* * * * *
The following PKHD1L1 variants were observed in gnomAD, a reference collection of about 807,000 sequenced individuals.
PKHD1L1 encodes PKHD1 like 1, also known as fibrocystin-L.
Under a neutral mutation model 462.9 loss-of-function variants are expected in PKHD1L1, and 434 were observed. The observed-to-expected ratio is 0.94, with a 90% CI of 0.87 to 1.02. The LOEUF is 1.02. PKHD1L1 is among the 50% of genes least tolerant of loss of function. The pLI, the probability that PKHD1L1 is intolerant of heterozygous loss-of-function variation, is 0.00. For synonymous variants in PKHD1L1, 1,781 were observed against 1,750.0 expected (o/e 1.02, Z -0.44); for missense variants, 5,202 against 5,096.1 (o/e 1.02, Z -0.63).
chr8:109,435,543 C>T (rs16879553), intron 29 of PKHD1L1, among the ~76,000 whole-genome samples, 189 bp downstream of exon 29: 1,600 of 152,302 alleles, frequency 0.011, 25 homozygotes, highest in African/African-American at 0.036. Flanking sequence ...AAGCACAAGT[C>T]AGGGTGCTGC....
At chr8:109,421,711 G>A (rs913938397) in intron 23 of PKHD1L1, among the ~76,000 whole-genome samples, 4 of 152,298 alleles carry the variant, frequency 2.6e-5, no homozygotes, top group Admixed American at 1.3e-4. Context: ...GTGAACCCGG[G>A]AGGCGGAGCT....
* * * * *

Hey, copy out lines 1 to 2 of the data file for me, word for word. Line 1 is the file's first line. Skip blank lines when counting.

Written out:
The following PKHD1L1 variants were observed in gnomAD, a reference collection of about 807,000 sequenced individuals.
PKHD1L1 encodes PKHD1 like 1, also known as fibrocystin-L.